Actually, one thing I have been conscious of for a while is my left hand. I tend to keep my fingers fairly close together, flattish and relaxed - that way, the LH mutes the higher strings while 'floating thumb' on the RH deals with the lower strings (I'm normally on a six string bass). A lot of passages just seem to need first finger and pinky on the LH, leaving the others relatively underemployed.

    However, that means my second finger is sticking up towards the audience, like I'm flipping them the bird! Nobody has commented yet but I'm working on a resting position that brings the finger tips closer to the strings is is perhaps less open to misinterpretation! :cool:

  12. wulf


    Apr 11, 2002
    Oxford, UK
    Here's Paul McCartney demonstrating the kind of thing I'm talking about:


  13. 43apples

    43apples Guest

    Nov 9, 2003

    When i play fingerstyle with my three middle fingers, my pinky looks like it's having a spasm, wriggles wildly around.

    After a gig someone came up to me and asked if i had the parkinsons syndrome! :D
  14. KPJ


    Oct 2, 2001
    Methuen, MA USA
    I've never seen anyone do that while playing bass, but I've notice Eric Clapton does, usually when playning 7th chords on acoustic. His left middle finger is erect at about 45 degree angle to the fretboard.
  15. JimK


    Dec 12, 1999
    Cool pic...looks like 4 buddies having fun on TV! ;)
    I noticed a horn section behind them, too. Very cool.

    Anyway, one of these Beatles' DVDs shows them playing "I Saw Her Standing There".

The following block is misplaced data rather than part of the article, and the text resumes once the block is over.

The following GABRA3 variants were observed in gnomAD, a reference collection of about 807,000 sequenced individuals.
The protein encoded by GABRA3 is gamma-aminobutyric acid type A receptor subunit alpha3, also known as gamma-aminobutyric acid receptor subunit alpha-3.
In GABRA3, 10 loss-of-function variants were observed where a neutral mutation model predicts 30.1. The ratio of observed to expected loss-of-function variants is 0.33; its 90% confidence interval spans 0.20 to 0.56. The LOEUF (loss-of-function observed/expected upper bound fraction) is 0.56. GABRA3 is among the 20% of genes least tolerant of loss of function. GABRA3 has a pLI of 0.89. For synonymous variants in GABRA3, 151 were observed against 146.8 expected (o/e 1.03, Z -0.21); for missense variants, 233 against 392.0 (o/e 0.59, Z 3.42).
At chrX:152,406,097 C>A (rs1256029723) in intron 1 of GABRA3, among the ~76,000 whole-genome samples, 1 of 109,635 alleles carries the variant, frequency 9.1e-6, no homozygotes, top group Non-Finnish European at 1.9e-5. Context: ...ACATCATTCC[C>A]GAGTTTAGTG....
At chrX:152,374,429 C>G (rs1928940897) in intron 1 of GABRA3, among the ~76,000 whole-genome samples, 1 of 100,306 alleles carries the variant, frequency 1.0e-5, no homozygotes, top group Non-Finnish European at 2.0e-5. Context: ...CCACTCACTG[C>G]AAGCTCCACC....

It's painful to watch McCartney play that tune.
    ...and I would like to have been a bug on the wall hearing Paul fumble through "One Agfter 909" on the 1st Anthology disc.
  16. Justice


    May 24, 2002
    Houston TX.
    Not horns...cameras. ;)
  17. canopener


    Sep 15, 2003
    Isle of Lucy
    Not to derail the thread, but where did you go in AC? I almost went but I had to work...
  18. jobu3

    jobu3 Artist formerly known as Big Joe

    Feb 17, 2002
    Mountain Top, PA
    The Go-Go's were at the Sands in AC last Friday night. MMW were at the Staircase in Pittston, PA which is local to me in early May.
  19. Dan Molina

    Dan Molina TalkBass Secular Progressive

    Jul 17, 2002
    Murr Town, California
    I've never been bothered by seeing someone else technique unless I see their thumb resting on top of the neck. That really bothers me for some reason.
  20. FriscoBassAce


    Dec 29, 2004
    Frisco, Texas
    Independent Manufacturers Representative
    I too have trouble watching guys with their basses up high on their chests, as well as players who do nothing but stare at their feet throughout the entire show. Since I know what it's like to play on stage and have a little stage fright, I can empathize with the shoe/fretboard starers....but anyone can play well if they don't look up and look around. To me, they're not being good entertainers, which is what a good band strives should strive for. As for the guys who were their basses on their chests....let that strap out baby! It seems to me that it would HURT your wrist as opposed to helping it stay loose. Just my opinion though...........I could be wrong! :D